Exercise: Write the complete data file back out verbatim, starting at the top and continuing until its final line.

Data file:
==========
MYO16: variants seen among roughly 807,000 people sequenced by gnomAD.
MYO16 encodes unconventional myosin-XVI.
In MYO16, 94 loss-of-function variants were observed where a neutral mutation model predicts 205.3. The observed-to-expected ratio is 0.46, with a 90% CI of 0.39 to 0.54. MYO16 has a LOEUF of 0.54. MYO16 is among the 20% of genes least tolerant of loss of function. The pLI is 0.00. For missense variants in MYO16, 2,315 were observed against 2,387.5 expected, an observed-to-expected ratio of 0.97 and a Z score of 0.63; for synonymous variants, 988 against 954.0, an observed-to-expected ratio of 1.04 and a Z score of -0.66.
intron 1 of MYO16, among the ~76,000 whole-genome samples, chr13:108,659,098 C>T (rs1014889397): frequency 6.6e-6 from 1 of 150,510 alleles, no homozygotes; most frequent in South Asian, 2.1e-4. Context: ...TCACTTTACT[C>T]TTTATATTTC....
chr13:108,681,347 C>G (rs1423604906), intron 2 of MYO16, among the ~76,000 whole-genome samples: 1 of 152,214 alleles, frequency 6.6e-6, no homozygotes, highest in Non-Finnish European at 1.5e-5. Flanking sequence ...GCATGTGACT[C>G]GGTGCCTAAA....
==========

MYO16: variants seen among roughly 807,000 people sequenced by gnomAD.
MYO16 encodes unconventional myosin-XVI.
In MYO16, 94 loss-of-function variants were observed where a neutral mutation model predicts 205.3. The observed-to-expected ratio is 0.46, with a 90% CI of 0.39 to 0.54. MYO16 has a LOEUF of 0.54. MYO16 is among the 20% of genes least tolerant of loss of function. The pLI is 0.00. For missense variants in MYO16, 2,315 were observed against 2,387.5 expected, an observed-to-expected ratio of 0.97 and a Z score of 0.63; for synonymous variants, 988 against 954.0, an observed-to-expected ratio of 1.04 and a Z score of -0.66.
intron 1 of MYO16, among the ~76,000 whole-genome samples, chr13:108,659,098 C>T (rs1014889397): frequency 6.6e-6 from 1 of 150,510 alleles, no homozygotes; most frequent in South Asian, 2.1e-4. Context: ...TCACTTTACT[C>T]TTTATATTTC....
chr13:108,681,347 C>G (rs1423604906), intron 2 of MYO16, among the ~76,000 whole-genome samples: 1 of 152,214 alleles, frequency 6.6e-6, no homozygotes, highest in Non-Finnish European at 1.5e-5. Flanking sequence ...GCATGTGACT[C>G]GGTGCCTAAA....